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Wal-Mart’s online marketing technology gets a ‘mup-date’
Mupd8 software from @WalmartLabs channels “big data” to enhance marketing, Wal-Mart says.
Topics: @WalmartLabs, Apache hadoop, big data, big data analytics platform, e-commerce platform, e-commerce technology, Facebook, fast data, MapUpdate, Mupd8, Shopycat, streaming social media, STS Prasad, Technology Update, Twitter, Wal-Mart, Wal-Mart Stores Inc., Yahoo Inc.
Some topics are so hot online they generate thousands of Twitter tweets per second. Extracting a useful signal out of that noise and responding immediately with, say, a product recommendation based on the tweets a consumer is following, requires the capacity not only to analyze that large volume of incoming data, but to do it fast. Wal-Mart Stores Inc., No. 4 in the Internet Retailer Top 500 Guide, through its research division @WalmartLabs has developed a new computing platform with that capability, called Mupd8, and is already using it to improve online marketing, the retailer says.
For example, Mupd8 (pronounced mup-date ) powers Wal-Mart’s Shopycat Facebook application, which analyzes within seconds all the Facebook status updates, Likes and interests of a consumer’s friends to suggest gifts for her to buy for them says STS Prasad, @WalmartLabs’ vice president of engineering. The platform is meant for use “where you want to leverage events as they happen to improve customer experience,” he says.
The retailer also uses Mupd8 to collect video, images, location information and status updates from social media streams to determine which trending products it should carry in stores or feature in online marketing, Wal-Mart says. For example, the retailer noticed that social chatter about Takis tortilla chips was growing in some states, which influenced its decision to stock those chips in nearby stores, it says. So far Wal-Mart is using Mupd8 in more than a dozen projects, processing more than 300 million status updates per day, it says.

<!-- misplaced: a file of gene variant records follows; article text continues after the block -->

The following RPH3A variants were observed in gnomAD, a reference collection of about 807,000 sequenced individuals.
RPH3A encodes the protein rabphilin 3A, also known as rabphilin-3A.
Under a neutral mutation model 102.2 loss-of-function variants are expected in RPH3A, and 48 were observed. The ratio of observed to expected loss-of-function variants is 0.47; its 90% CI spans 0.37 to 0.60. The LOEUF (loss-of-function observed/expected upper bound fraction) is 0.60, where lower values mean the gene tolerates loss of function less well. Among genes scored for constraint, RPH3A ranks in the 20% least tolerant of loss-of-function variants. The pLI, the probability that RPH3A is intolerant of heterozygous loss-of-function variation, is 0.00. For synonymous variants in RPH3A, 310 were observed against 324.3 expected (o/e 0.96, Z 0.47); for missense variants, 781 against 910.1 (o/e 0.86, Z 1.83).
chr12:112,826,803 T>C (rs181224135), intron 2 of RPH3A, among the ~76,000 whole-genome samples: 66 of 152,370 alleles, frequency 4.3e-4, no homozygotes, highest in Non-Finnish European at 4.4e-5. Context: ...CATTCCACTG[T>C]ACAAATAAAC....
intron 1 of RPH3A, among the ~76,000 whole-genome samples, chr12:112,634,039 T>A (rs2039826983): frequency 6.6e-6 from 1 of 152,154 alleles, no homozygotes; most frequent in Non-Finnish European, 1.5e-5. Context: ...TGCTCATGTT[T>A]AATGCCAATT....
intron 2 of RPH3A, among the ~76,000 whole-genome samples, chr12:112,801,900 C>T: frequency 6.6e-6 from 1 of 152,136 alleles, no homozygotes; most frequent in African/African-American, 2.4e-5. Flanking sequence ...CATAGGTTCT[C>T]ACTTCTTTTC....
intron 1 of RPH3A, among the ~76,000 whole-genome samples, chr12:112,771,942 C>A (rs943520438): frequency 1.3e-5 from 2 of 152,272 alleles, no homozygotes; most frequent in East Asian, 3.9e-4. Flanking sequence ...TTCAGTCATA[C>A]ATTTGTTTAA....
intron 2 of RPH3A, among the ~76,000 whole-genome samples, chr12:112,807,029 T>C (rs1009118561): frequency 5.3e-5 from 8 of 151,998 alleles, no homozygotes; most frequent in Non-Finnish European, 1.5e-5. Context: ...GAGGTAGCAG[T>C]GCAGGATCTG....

Mupd8 could change the way e-commerce sites operate, Prasad says. A Mupd8 application could, for instance track web site activity, detect when visitors are encountering a problem and in an automated way suggest what they should, reducing customer service calls and e-mails, Wal-Mart says.
Mupd8 by design requires no new data centers or specialized hardware to run, making it cost-effective and scalable, Prasad says. He says that’s possible because the software splits the processing tasks among several machines.
It is based on similar systems developed over the last decade to handle big data, he says, such as the open source Apache project Hadoop which began at Yahoo Inc. Open source refers to computer code that is publicly available on the Internet for developers around the world to tweak and use to build applications. When they do, most typically share at least the base code for what they’ve created, generating a collective library and helping the platform to evolve at a faster pace than it might if the code were kept secret by the company that developed the software. Last month, Wal-Mart made Mupd8 open source.
“It’s one of the first times Wal-Mart has open-sourced a technology infrastructure of that scale,” Prasad says. “Wal-Mart leverages open source [technologies] in many areas in the e-commerce site and it’s only fair we contribute back.”
The platform’s design is based on a big data analytics framework similar to Hadoop called MapUpdate, he says, to which it partially attributes its name (@WalmartLabs formerly referred to Mupd8 as Muppet). It derives from work at social media technology company Kosmix, which Wal-Mart acquired about a year and a half ago. There, engineers were looking for ways to identify breaking news by analyzing large numbers of tweets per second, Prasad says.
By making Mupd8 freely available, Wal-Mart hopes that other creative minds will come up with even more e-commerce applications for quickly processing enormous amounts of data, he says. “Technology projects tend to benefit from having an open source system that in many senses can take it beyond where any one company can,” he says. Prasad adds, however, that he expects it to take a year or more before Mupd8 developers start producing e-commerce applications that other retailers may want to adopt.